Keywords: learning, information aggregation, bounded rationality, pricing, optimal pricing
    JEL: D49 D83
    Date: 2012–08
  27. By: Chris Doyle; Martijn A. Han; ;
    Abstract: Retailers may enjoy stable cartel rents in their output market through the formation of a buyer group in their input market. A buyer group allows retailers to credibly commit to increased input prices, which serve to reduce combined final output to the monopoly level; increased input costs are then refunded from suppliers to retailers through slotting allowances or rebates. The stability of such an “implied cartel” depends on the retailers’ incentives to secretly source from a supplier outside of the buyer group arrangement at lower input prices. Cheating is limited if retailers sign exclusive dealing or minimum purchase provisions. We discuss the relevancy of our findings for antitrust policy.
    Keywords: buyer groups, collusion, exclusive dealing, minimum purchase clauses, rebates
    JEL: K21 L13 L41 L42
    Date: 2012–10
  28. By: Nathalie FERREIRA; Sophie BOUTILLIER (Laboratoire de Recherche sur l'Industrie et l'Innovation. ULCO)
    Abstract: L'objectif des entreprises de l'économie sociale et solidaire est théoriquement de contribuer à l'amélioration du bien-être social. Dans les faits, nous constatons cependant que leur comportement réside dans la recherche du profit et la conquête de nouveaux marchés. Dans une économie basée sur la concurrence, le comportement des firmes a des points communs : faire des profits, stratégies de croissance et innovation. L'étude de Montragon et d'Euresa est riche d'enseignements. La théorie de la firme apporte des outils d'analyse. Si certains économistes ont fortement critiqué la théorie néo-classique de la firme en montrant que les firmes n'avaient pas un seul objectif (maximiser leur profit), ils n'ont pas cependant affirmé que l'entreprise ne pouvait pas ne pas faire de profit. Theoretically, the objective of non-profit (or social) enterprises is to contribute to the social welfare. Nevertheless, in the facts, we observe that they have to achieve profit and to conquest new markets. In an economy based on competition, the behaviours of the enterprises have common traits: making profit, strategies of growth and of innovation. We can draw several lessons from the study of Mondragon and Euresa cases. The theory of the firm gives analyzing tools. If some economists have criticized the neo-classical theory of the firm, to show that firms not only have one goal (to maximize their profit), they also explain that firms can't exist without making profits.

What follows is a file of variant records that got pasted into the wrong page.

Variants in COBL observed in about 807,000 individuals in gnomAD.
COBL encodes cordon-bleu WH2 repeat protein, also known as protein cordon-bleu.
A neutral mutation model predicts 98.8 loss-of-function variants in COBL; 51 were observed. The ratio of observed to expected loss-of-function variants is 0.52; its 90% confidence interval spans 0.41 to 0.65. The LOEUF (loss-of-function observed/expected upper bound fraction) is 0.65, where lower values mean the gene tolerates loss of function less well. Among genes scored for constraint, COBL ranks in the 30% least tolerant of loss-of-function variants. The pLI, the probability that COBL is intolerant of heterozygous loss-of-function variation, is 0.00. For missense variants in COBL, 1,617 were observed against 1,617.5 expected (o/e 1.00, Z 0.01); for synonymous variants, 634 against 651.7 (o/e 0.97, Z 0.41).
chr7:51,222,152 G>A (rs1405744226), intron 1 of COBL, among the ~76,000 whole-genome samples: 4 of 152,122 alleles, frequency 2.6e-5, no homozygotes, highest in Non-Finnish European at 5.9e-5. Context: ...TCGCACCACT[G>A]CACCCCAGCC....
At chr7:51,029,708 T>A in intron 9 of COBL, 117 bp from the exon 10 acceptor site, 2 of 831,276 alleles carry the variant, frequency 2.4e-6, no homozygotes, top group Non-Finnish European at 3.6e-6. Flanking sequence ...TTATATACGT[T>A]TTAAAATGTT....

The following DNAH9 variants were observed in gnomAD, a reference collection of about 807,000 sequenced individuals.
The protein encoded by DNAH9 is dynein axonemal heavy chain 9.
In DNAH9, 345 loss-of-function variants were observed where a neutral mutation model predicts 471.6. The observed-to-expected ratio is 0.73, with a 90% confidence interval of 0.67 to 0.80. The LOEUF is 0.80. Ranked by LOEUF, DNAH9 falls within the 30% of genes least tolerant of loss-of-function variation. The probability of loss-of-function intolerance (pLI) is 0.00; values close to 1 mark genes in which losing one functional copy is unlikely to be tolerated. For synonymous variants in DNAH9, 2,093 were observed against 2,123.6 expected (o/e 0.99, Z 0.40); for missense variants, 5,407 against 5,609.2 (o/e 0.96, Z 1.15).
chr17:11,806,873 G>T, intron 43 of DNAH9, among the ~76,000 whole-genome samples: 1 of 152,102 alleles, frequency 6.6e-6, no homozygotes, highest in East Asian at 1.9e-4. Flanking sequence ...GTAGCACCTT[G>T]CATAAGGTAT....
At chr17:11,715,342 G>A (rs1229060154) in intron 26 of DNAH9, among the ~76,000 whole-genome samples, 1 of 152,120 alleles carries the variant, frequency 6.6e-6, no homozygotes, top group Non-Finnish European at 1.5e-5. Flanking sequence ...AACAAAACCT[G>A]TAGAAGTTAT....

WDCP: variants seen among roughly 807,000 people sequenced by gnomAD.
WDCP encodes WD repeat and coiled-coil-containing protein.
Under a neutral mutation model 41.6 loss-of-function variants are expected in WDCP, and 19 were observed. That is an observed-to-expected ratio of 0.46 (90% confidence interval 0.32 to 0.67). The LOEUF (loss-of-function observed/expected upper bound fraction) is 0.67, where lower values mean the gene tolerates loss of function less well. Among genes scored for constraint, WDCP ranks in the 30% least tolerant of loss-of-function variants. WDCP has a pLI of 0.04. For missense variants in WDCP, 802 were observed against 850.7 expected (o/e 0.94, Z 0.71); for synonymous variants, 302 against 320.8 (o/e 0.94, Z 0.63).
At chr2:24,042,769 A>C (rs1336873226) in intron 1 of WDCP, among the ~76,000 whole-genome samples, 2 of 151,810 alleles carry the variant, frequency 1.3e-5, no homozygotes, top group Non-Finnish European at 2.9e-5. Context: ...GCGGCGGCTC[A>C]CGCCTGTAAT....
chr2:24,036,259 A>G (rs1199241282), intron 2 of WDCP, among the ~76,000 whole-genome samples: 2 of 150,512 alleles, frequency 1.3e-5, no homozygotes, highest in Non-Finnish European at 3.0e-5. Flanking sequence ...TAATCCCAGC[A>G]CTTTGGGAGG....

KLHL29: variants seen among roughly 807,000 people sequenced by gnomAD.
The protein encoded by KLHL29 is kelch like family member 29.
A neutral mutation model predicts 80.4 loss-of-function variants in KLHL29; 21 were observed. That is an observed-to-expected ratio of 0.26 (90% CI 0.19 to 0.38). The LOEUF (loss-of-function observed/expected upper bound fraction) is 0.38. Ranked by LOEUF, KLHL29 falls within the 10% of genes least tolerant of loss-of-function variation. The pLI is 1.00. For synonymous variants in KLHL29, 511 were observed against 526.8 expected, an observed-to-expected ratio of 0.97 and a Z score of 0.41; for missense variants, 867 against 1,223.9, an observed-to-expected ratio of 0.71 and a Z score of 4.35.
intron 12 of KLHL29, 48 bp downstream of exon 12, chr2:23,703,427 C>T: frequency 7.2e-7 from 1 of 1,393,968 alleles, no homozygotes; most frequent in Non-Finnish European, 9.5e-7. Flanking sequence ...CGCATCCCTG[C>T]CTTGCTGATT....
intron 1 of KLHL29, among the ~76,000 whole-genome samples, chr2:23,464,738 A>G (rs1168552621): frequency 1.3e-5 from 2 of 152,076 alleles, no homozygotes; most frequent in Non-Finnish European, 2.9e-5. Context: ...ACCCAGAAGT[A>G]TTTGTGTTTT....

Keywords: histoire entrepreneur, économie sociale et solidaire, théorie de la firme
    JEL: B19 D21 L2 L26
    Date: 2011–10
  29. By: Dimitri Paolini; J.D. Tena
    Abstract: This paper analyzes the relation between resource inputs and managerial effort in firms. The discussion is motivated by a theoretical model that suggests that firms use managerial effort as a substitute of capital resources in the production process. In this framework, different levels of effort are always optimal decisions given its relative cost. Thus, the relatively higher effort exerted by small (compared to big) firms is not a consequence of hidden information or incentive problems in the organization but it is a optimal decision of small firms to offset capital market restrictions. Managers in big firms, on the other hand, are not obliged to offer their maximum personal effort given that it can be more easily substituted by capital resources in the production process.
    Keywords: managerial effort; organizational diseconomies of scale; small firms
    JEL: L83 M50 J44
    Date: 2012
  30. By: Nestor Gandelman; Virginia Robano
    Abstract: This paper estimates the relationship between parents’ educational attainment and income and children’s schooling in Uruguay between 1982 and 2010. This relationship is interpreted as a measure of intergenerational social mobility, and the paper reports evidence that it has decreased over time. The paper finds that the probability that the children of the more educated remain among the more educated has grown, with analogous results for the less educated. As a result, the improvements in education of the 1980s and 1990s were unevenly distributed, with a bias against the disadvantaged. The paper also finds that while entrepreneurship status and belonging to the middle class matter in terms of social mobility as measured by compulsory education, i. e. , primary school and the first three years of secondary school, they do not have a notable effect on non- compulsory education, i. e. , the last three years of secondary school and higher.
    JEL: I24 J62 L26
    Date: 2012–07
    Abstract: Enterprise architecture (EA) is used as a holistic approach to keep things aligned in a company. Some emphasize the use of EA to align IT with the business, others see it broader and use it to also keep the processes aligned with the strategy. Enterprise architecture management (EAM) enables companies to keep up with a rapidly changing business environment. Although a lot of research is being done on EA and EAM, still hardly anything is known about their use in the context of a small and medium sized enterprise (SME). Because of some specific characteristics of SMEs, it is interesting to look how EA and its management can be applied in a SME. In this paper, the authors present an approach for EA and EAM for SMEs, which combines four dimensions to get a holistic overview, while keeping things aligned. The approach is developed with special attention towards the characteristics of SMEs. A case study in a Belgian SME is used to ground and apply the presented approach. With this case study, the authors show how EA can be applied and managed in a SME. A tool is presented which can be used to implement the approach. The tool enables the EA model to be developed, to be kept up-to-date, and to be used to make analyses.
    Keywords: Enterprise architecture management Small and medium sized enterprises Business architecture CHOOSE
    Date: 2012–05